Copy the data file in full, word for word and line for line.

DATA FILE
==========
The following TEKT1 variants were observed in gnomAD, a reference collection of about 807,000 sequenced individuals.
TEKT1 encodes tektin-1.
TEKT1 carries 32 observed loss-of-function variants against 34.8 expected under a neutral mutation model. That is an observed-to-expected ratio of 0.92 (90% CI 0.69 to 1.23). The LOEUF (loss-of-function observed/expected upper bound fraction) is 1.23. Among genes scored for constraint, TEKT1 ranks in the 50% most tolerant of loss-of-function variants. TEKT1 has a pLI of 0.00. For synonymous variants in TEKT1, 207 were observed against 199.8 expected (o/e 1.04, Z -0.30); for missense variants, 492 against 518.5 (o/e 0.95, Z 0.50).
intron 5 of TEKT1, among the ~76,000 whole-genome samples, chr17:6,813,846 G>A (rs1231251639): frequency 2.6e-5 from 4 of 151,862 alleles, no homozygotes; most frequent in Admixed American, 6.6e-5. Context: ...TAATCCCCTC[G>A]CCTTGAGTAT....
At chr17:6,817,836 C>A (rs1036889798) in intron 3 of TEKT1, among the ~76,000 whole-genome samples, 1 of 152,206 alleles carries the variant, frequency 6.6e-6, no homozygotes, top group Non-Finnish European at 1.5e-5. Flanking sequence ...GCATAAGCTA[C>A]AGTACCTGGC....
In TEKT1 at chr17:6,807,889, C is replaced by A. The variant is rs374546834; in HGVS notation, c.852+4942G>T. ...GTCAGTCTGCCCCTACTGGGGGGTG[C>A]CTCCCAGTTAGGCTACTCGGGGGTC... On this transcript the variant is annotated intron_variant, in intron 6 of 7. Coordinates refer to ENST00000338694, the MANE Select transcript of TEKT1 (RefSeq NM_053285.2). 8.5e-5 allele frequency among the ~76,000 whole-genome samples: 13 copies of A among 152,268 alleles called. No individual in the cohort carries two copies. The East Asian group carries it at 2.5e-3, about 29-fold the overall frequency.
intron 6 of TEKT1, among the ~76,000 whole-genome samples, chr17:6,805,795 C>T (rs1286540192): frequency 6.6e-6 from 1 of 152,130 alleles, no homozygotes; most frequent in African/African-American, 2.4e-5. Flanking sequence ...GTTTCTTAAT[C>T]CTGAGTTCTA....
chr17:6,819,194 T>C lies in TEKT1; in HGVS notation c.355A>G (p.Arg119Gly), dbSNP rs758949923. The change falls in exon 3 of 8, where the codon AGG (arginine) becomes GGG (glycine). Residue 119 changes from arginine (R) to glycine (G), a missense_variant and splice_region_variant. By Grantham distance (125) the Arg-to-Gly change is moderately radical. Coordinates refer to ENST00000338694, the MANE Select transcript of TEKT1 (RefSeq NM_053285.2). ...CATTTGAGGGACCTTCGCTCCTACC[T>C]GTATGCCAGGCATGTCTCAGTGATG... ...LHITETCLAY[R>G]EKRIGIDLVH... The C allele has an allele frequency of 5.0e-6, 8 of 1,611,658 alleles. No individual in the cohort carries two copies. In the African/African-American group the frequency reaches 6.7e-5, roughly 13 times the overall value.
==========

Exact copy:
The following TEKT1 variants were observed in gnomAD, a reference collection of about 807,000 sequenced individuals.
TEKT1 encodes tektin-1.
TEKT1 carries 32 observed loss-of-function variants against 34.8 expected under a neutral mutation model. That is an observed-to-expected ratio of 0.92 (90% CI 0.69 to 1.23). The LOEUF (loss-of-function observed/expected upper bound fraction) is 1.23. Among genes scored for constraint, TEKT1 ranks in the 50% most tolerant of loss-of-function variants. TEKT1 has a pLI of 0.00. For synonymous variants in TEKT1, 207 were observed against 199.8 expected (o/e 1.04, Z -0.30); for missense variants, 492 against 518.5 (o/e 0.95, Z 0.50).
intron 5 of TEKT1, among the ~76,000 whole-genome samples, chr17:6,813,846 G>A (rs1231251639): frequency 2.6e-5 from 4 of 151,862 alleles, no homozygotes; most frequent in Admixed American, 6.6e-5. Context: ...TAATCCCCTC[G>A]CCTTGAGTAT....
At chr17:6,817,836 C>A (rs1036889798) in intron 3 of TEKT1, among the ~76,000 whole-genome samples, 1 of 152,206 alleles carries the variant, frequency 6.6e-6, no homozygotes, top group Non-Finnish European at 1.5e-5. Flanking sequence ...GCATAAGCTA[C>A]AGTACCTGGC....
In TEKT1 at chr17:6,807,889, C is replaced by A. The variant is rs374546834; in HGVS notation, c.852+4942G>T. ...GTCAGTCTGCCCCTACTGGGGGGTG[C>A]CTCCCAGTTAGGCTACTCGGGGGTC... On this transcript the variant is annotated intron_variant, in intron 6 of 7. Coordinates refer to ENST00000338694, the MANE Select transcript of TEKT1 (RefSeq NM_053285.2). 8.5e-5 allele frequency among the ~76,000 whole-genome samples: 13 copies of A among 152,268 alleles called. No individual in the cohort carries two copies. The East Asian group carries it at 2.5e-3, about 29-fold the overall frequency.
intron 6 of TEKT1, among the ~76,000 whole-genome samples, chr17:6,805,795 C>T (rs1286540192): frequency 6.6e-6 from 1 of 152,130 alleles, no homozygotes; most frequent in African/African-American, 2.4e-5. Flanking sequence ...GTTTCTTAAT[C>T]CTGAGTTCTA....
chr17:6,819,194 T>C lies in TEKT1; in HGVS notation c.355A>G (p.Arg119Gly), dbSNP rs758949923. The change falls in exon 3 of 8, where the codon AGG (arginine) becomes GGG (glycine). Residue 119 changes from arginine (R) to glycine (G), a missense_variant and splice_region_variant. By Grantham distance (125) the Arg-to-Gly change is moderately radical. Coordinates refer to ENST00000338694, the MANE Select transcript of TEKT1 (RefSeq NM_053285.2). ...CATTTGAGGGACCTTCGCTCCTACC[T>C]GTATGCCAGGCATGTCTCAGTGATG... ...LHITETCLAY[R>G]EKRIGIDLVH... The C allele has an allele frequency of 5.0e-6, 8 of 1,611,658 alleles. No individual in the cohort carries two copies. In the African/African-American group the frequency reaches 6.7e-5, roughly 13 times the overall value.